While studying commercial art at the School of Visual Arts in New York City, the time came for me to take some fine-art classes. For me, it was love at first stroke! I immediately realized what I was born to do. I remember how painting made me feel, and when I saw the reaction to my paintings, that gave me even more of a reason to abandon commercial art and pursue this, my true calling.

What was that reaction to your paintings?

Because I had my own art galleries in New York City, I was afforded the privilege and pleasure of hearing firsthand the positive responses of the public to my paintings. Artists who are only represented by galleries are denied this. People's comments were varied, but the common denominator was that the paintings evoked a positive, relaxed, calm feeling. In fact, many people said that they felt their stress level reduced. As an artist, this brings me great joy.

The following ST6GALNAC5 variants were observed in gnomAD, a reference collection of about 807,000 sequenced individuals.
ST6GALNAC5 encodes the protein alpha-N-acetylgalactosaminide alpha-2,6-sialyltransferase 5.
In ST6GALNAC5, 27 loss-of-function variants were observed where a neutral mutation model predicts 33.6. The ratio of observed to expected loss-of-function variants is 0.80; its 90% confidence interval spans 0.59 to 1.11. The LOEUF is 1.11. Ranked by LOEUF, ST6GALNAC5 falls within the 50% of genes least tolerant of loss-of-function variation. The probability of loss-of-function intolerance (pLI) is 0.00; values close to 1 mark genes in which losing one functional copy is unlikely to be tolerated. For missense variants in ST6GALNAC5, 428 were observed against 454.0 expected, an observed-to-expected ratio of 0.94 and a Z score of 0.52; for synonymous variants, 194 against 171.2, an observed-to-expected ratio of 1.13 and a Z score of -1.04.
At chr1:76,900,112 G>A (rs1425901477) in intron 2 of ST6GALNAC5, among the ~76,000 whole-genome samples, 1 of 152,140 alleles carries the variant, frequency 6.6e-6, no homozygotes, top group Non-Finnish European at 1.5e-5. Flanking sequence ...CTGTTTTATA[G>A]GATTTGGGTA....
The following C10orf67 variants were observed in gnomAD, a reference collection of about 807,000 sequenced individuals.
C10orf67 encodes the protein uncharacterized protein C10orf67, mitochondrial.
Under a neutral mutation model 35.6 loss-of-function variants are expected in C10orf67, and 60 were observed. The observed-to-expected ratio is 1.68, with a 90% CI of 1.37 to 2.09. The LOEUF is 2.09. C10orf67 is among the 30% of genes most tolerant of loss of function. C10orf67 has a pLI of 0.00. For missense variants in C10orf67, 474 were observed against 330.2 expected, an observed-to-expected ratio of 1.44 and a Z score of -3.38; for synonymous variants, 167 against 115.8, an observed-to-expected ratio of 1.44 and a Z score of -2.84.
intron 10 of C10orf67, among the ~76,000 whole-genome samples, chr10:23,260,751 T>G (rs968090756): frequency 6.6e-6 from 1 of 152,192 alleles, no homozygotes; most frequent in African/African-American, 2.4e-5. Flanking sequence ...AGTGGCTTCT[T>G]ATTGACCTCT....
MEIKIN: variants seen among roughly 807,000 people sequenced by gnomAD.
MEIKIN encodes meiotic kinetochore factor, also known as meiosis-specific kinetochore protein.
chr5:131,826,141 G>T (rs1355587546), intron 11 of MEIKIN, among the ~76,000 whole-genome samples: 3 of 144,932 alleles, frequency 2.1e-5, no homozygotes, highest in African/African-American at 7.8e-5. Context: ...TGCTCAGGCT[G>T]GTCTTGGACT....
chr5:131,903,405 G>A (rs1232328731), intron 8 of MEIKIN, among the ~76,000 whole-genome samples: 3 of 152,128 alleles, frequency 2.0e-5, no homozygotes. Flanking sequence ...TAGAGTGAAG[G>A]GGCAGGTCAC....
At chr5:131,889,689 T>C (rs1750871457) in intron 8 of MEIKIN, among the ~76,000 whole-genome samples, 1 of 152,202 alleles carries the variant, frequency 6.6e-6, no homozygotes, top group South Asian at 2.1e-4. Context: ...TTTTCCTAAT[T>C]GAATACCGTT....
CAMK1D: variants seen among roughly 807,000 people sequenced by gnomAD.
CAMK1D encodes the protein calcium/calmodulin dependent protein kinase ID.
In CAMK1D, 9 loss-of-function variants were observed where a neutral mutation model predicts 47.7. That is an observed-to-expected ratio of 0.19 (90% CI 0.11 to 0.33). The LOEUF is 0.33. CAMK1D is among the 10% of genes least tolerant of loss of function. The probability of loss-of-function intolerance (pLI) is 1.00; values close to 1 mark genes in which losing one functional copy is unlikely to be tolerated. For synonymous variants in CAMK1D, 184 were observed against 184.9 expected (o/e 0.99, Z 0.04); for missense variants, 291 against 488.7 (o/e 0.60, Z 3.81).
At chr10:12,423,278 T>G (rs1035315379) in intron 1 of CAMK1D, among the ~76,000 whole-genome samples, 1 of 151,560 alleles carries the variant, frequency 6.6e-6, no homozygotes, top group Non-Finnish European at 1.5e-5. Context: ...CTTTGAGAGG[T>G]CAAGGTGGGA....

Who is your primary audience?

My audience is vast and varied. Due to the fact that my galleries were located in both the Wall Street/South Street Seaport and 57th Street/Central Park areas of Manhattan - I have since closed them - my paintings were exposed to tourists, celebrities, residents, and office workers. Also, because I produce my own collection of signed and numbered limited edition prints, many people from various economic levels can afford to purchase an image they admire.

How has the business side of the art world changed over the last 20 years? And have the changes affected you personally?